The main problem wasn’t that Applejack lacked the status of nobility, or that she was the least etiquette-aware pony Rarity had ever met, or even that they were both mares. The main problem, as far as Rarity was concerned, was that it was all so unforgivably corny.
The aloof, disdainful beauty … the strong, handsome farmhand ...
She had an entire bookshelf filled with this particular story, or stories near enough to it, and while they were all a torridly delightful good time, they were also all quite cliche. That her own heart would deign to follow suit and delve into such common, mass-market feelings?
Unexpected. Unfathomable. Unacceptable.
Applejack’s voice suddenly intruded on her thoughts: “You all right there, Rarity? Yer lookin’ kinda pale. I mean, paler than usual for a unicorn who’s white.”
In response, Rarity glared her very best glare. There that apple-bucking pony went again, acting so concerned and charmingly solicitous, all but begging Rarity to adore her. It was unfair, that’s what it was. Terribly, terribly unfair.
“I am fine,” the unicorn replied, her tone the slightest bit frosty. “And it is the height of rudeness to comment negatively on a lady’s appearance, might I add.”
Applejack just rolled her eyes. “Well, ‘scuse me for carin’ about how yer doin’. My mistake, I reckon.”
And with that, the farmer shrugged, turned away, and ambled off in the general direction of the snack table. Rarity refused to watch the other pony leave, on principle. She wasn’t clear on just what that principle might be, exactly, but she was fairly certain there was some important principle or another at play here. Instead of looking at that troublesome orange pony, she took the opportunity to glance around the festively-decorated confines of Sugar Cube Corner.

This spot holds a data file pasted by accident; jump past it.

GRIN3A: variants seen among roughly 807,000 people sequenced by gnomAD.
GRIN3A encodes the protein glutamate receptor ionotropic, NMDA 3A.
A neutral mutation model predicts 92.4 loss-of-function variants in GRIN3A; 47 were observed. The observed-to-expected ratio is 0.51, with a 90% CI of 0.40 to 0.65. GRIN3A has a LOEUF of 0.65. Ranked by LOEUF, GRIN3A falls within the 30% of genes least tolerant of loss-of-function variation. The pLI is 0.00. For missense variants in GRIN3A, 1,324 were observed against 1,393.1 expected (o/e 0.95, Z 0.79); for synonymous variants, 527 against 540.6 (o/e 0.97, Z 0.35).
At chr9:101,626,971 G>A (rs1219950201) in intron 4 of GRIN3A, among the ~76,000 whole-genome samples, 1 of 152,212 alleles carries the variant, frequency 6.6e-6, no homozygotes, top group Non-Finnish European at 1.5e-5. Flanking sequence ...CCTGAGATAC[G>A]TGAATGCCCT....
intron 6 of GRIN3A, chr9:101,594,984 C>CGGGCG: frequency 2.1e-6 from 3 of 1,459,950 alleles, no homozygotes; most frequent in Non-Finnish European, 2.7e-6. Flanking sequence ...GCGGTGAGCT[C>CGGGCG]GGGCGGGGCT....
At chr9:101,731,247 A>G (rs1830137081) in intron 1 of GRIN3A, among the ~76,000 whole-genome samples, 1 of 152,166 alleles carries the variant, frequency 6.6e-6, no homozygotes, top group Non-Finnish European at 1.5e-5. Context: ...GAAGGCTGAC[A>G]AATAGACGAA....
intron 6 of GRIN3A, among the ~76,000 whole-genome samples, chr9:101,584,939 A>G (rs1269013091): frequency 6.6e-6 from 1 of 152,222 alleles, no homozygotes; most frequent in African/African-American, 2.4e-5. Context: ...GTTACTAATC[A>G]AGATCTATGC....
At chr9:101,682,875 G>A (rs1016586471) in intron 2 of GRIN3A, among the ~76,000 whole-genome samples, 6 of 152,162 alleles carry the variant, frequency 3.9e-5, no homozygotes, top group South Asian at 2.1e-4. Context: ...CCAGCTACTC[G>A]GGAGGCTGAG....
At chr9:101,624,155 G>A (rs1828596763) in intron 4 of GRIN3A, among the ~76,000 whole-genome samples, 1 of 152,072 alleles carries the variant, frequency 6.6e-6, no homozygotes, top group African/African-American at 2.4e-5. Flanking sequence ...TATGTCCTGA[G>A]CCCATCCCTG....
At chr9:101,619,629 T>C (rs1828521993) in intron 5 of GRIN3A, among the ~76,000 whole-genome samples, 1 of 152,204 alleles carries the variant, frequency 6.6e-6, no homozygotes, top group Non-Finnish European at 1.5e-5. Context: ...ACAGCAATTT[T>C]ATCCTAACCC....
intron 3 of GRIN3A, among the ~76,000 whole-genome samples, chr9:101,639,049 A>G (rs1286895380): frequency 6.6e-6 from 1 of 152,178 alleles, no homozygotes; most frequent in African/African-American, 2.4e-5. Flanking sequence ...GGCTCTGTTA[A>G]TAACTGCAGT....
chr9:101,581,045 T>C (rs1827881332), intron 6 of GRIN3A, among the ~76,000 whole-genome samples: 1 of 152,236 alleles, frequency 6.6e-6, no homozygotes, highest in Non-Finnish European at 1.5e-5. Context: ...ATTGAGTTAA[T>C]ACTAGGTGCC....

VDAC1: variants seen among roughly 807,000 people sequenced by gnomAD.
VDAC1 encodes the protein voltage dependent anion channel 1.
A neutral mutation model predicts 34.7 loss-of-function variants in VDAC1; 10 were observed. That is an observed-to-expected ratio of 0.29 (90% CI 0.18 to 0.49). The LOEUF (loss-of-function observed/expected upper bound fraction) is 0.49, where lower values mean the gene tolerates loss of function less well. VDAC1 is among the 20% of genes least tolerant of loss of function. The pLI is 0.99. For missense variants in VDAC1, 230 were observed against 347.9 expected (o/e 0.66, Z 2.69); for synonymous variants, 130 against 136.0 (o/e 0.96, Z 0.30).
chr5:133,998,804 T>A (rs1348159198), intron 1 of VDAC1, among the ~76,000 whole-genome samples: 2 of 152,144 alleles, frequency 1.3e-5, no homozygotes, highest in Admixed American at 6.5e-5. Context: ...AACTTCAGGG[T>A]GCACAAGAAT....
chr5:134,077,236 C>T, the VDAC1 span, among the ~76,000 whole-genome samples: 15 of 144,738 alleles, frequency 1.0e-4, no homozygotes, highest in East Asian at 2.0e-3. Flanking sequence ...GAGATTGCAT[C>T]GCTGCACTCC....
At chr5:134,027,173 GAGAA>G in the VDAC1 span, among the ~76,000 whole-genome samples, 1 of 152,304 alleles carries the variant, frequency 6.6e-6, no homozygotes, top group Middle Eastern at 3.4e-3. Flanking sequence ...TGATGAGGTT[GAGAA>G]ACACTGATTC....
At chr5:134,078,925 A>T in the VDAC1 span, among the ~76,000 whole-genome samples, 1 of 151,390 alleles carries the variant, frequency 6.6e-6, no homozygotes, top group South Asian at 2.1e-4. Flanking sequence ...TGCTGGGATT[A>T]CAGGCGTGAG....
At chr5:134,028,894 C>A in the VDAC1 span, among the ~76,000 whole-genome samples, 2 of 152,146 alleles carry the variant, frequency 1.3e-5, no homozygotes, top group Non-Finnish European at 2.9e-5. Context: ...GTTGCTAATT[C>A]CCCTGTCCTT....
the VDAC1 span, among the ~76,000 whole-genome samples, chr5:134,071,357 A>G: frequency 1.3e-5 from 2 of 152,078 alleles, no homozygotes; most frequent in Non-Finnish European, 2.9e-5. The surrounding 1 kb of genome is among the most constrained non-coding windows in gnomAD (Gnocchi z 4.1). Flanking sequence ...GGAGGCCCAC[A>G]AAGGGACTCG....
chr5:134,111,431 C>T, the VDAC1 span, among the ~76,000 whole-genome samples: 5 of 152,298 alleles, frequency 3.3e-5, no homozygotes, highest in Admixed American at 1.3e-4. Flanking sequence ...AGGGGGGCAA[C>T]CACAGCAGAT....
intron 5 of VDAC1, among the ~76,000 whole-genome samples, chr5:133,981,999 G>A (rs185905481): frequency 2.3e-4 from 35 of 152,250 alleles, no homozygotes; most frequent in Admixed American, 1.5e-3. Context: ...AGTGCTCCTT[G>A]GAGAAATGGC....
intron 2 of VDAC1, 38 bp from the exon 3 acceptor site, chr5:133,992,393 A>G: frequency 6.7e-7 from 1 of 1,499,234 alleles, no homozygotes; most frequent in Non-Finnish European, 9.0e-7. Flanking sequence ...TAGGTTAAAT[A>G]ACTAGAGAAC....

If she was being honest--which she didn’t generally like to do, as honesty was a quality that belonged to ponies whose names she was stubbornly refusing to recollect--Rarity would have to admit that she hadn’t bothered to remember the occasion for this particular party. Although, really, the specific purpose behind any given party never seemed to matter much anyways. Pinkie’s parties were all more or less the same … which wasn’t a bad thing, as they were all equally lovely affairs.
And indeed this was a lovely party. Over by the phonograph, Fluttershy and Twilight were talking quietly but cheerfully with one another, while Rainbow Dash and Pinkie Pie were dominating the area that had been set aside as a dance floor, engaging in a series of energetic, jerky movements that Rarity could only guess were meant to be dance steps. All in all, it was a very convivial atmosphere, and if it wasn’t for the distracting presence of a certain apple-loving earth pony, Rarity would be enjoying herself immensely.
A soft cough brought the unicorn out of her reverie.
She blinked and noticed that Applejack had returned at some point and was now standing directly in front of her, with a glass of punch held in her mouth. The farm pony’s gaze kept shifting from the cup to Rarity and back again and, after a few confused seconds, Rarity finally realized what Applejack wanted. With a delicate tendril of magic, the unicorn took the punch from her friend’s grasp.
Applejack snorted as soon as she was free of the glass. “Sure took ya long enough to cotton on,” she complained, but there was no heat behind her words, no real anger. A touch of amused annoyance, if anything. Maybe a hint of affection.
Rarity decided to ignore all that. Instead, she asked, “What is this for, pray tell?”
“Figured ya could use somethin’ to wet yer whistle.” Applejack’s honest green eyes held nothing but friendliness and caring. It was awful. “Ya might be a bit dehydrated, and that’s why yer lookin’ under the weather.”
Lifting the glass up to her lips, Rarity took a sip. Doing so bought her time to think, time in which she didn’t have to say anything, time she rather desperately needed. Because once again her heart was racing, her face was flushing, her stomach was doing flip-flops, and all of it was unladylike in the extreme.
Rarity took a second sip of punch and then a third. When she finally lowered the glass, she quietly said, “Thank you, Applejack.”
The earth pony grinned and looked smugly, infuriatingly pleased with herself.
And it was then, of course--of course it was then--that she suddenly wanted to kiss Applejack. But although she very badly wanted to do so, she didn’t. She couldn’t. Because doing so would have been unforgivably corny.